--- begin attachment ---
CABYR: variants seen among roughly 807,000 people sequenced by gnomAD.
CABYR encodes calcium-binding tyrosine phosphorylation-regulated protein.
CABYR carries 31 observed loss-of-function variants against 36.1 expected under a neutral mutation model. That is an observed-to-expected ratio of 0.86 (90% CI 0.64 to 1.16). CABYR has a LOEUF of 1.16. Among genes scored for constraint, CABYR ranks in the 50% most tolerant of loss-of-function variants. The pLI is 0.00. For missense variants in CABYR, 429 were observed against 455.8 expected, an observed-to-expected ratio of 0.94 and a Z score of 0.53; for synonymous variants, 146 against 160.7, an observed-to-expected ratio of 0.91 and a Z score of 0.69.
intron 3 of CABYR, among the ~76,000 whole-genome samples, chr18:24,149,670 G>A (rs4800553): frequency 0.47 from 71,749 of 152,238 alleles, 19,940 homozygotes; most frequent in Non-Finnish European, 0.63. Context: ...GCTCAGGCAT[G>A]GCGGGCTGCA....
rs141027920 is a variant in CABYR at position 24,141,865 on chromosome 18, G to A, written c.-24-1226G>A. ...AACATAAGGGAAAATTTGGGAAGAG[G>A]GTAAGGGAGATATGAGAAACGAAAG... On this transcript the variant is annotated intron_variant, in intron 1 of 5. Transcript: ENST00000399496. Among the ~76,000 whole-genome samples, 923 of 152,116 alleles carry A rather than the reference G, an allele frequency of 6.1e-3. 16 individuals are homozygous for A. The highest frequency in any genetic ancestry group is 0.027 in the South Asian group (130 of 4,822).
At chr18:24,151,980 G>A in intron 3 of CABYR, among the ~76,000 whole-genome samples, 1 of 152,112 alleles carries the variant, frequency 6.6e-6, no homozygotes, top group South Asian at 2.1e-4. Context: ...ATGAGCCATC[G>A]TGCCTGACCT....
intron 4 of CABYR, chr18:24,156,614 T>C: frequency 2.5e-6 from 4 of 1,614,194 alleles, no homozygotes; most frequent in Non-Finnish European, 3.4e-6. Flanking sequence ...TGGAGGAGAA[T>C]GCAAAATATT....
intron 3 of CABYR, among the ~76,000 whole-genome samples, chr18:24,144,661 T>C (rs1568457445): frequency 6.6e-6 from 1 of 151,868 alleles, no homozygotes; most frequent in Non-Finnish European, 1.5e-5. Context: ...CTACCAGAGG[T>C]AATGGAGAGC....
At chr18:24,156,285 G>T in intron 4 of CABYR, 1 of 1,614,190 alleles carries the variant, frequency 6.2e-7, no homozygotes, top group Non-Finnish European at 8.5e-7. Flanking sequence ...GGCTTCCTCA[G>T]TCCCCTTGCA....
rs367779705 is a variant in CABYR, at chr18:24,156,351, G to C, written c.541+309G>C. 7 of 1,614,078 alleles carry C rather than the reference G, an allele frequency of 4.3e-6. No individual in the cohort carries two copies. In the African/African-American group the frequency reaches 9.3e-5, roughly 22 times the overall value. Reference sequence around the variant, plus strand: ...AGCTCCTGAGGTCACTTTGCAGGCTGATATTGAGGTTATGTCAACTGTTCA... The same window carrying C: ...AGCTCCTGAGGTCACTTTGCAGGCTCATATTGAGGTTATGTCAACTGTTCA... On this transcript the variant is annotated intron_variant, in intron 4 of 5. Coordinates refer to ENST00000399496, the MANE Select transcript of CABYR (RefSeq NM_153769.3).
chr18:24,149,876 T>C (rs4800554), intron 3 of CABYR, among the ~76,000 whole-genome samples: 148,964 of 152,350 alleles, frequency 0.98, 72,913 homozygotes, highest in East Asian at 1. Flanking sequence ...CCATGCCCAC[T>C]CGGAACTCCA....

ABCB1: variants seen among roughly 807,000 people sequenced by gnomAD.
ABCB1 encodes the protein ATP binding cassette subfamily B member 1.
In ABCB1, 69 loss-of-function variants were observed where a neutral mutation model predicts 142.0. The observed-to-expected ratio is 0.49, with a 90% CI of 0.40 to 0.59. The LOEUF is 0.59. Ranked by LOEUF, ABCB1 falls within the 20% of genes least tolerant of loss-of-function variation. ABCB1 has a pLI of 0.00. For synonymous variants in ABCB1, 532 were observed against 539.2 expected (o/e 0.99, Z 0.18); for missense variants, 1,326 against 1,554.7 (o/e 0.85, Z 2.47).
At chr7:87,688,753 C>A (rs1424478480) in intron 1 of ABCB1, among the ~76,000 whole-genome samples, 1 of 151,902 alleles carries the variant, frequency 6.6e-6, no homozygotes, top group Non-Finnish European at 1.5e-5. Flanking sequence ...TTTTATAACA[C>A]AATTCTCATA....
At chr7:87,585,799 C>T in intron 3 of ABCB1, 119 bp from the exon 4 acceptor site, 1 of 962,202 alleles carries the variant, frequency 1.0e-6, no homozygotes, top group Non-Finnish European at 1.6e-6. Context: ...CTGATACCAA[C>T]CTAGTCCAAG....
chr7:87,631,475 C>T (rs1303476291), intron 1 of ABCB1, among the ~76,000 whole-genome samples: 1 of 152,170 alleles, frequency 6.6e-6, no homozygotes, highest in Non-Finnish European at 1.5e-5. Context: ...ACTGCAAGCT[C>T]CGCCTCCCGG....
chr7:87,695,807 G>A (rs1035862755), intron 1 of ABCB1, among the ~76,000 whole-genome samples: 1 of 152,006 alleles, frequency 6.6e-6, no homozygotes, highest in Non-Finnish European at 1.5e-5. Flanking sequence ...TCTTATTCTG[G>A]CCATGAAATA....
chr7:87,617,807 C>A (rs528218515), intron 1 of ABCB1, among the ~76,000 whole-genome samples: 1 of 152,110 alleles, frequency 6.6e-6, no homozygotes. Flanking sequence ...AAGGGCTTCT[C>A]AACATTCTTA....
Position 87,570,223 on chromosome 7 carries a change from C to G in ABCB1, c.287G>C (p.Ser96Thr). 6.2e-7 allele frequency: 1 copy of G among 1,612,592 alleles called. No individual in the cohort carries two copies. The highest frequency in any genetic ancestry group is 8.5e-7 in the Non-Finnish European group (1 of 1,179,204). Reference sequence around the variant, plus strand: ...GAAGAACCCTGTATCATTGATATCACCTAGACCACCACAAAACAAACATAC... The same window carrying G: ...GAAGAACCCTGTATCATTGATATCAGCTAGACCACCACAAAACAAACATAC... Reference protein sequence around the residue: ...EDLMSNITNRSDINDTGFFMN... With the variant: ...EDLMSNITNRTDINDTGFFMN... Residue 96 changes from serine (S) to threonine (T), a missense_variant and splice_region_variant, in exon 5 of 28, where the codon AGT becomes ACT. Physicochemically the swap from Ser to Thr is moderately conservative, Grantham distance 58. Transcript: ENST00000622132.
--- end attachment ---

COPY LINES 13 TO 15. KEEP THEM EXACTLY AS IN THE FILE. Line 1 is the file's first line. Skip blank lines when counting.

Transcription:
ABCB1 encodes the protein ATP binding cassette subfamily B member 1.
In ABCB1, 69 loss-of-function variants were observed where a neutral mutation model predicts 142.0. The observed-to-expected ratio is 0.49, with a 90% CI of 0.40 to 0.59. The LOEUF is 0.59. Ranked by LOEUF, ABCB1 falls within the 20% of genes least tolerant of loss-of-function variation. ABCB1 has a pLI of 0.00. For synonymous variants in ABCB1, 532 were observed against 539.2 expected (o/e 0.99, Z 0.18); for missense variants, 1,326 against 1,554.7 (o/e 0.85, Z 2.47).
At chr7:87,688,753 C>A (rs1424478480) in intron 1 of ABCB1, among the ~76,000 whole-genome samples, 1 of 151,902 alleles carries the variant, frequency 6.6e-6, no homozygotes, top group Non-Finnish European at 1.5e-5. Flanking sequence ...TTTTATAACA[C>A]AATTCTCATA....